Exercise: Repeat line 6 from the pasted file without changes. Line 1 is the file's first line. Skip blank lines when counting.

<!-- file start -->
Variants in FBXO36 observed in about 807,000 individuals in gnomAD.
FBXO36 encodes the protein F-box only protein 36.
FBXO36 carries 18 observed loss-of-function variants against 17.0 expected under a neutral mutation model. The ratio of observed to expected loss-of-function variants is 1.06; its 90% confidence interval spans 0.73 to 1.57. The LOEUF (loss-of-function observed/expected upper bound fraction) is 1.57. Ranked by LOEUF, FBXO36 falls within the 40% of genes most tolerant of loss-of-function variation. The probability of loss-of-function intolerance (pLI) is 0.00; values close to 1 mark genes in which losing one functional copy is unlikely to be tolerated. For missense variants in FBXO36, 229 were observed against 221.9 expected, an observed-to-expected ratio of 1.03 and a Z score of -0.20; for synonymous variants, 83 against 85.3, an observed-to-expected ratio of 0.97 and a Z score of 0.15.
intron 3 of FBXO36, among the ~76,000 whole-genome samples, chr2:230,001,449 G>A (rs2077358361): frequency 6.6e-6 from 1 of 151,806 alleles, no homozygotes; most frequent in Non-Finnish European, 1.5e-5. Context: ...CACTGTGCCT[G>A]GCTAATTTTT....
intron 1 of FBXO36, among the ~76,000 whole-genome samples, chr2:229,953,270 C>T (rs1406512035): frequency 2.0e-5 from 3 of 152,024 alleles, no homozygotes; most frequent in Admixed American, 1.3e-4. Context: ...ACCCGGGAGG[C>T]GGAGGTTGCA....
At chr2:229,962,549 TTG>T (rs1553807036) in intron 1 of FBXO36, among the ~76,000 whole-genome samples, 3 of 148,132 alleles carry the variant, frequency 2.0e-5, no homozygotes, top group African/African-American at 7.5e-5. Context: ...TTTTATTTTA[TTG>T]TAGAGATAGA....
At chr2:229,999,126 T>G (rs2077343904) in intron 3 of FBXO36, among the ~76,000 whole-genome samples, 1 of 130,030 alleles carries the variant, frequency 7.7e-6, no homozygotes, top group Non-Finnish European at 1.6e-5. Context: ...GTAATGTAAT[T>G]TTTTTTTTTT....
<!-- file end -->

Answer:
At chr2:229,962,549 TTG>T (rs1553807036) in intron 1 of FBXO36, among the ~76,000 whole-genome samples, 3 of 148,132 alleles carry the variant, frequency 2.0e-5, no homozygotes, top group African/African-American at 7.5e-5. Context: ...TTTTATTTTA[TTG>T]TAGAGATAGA....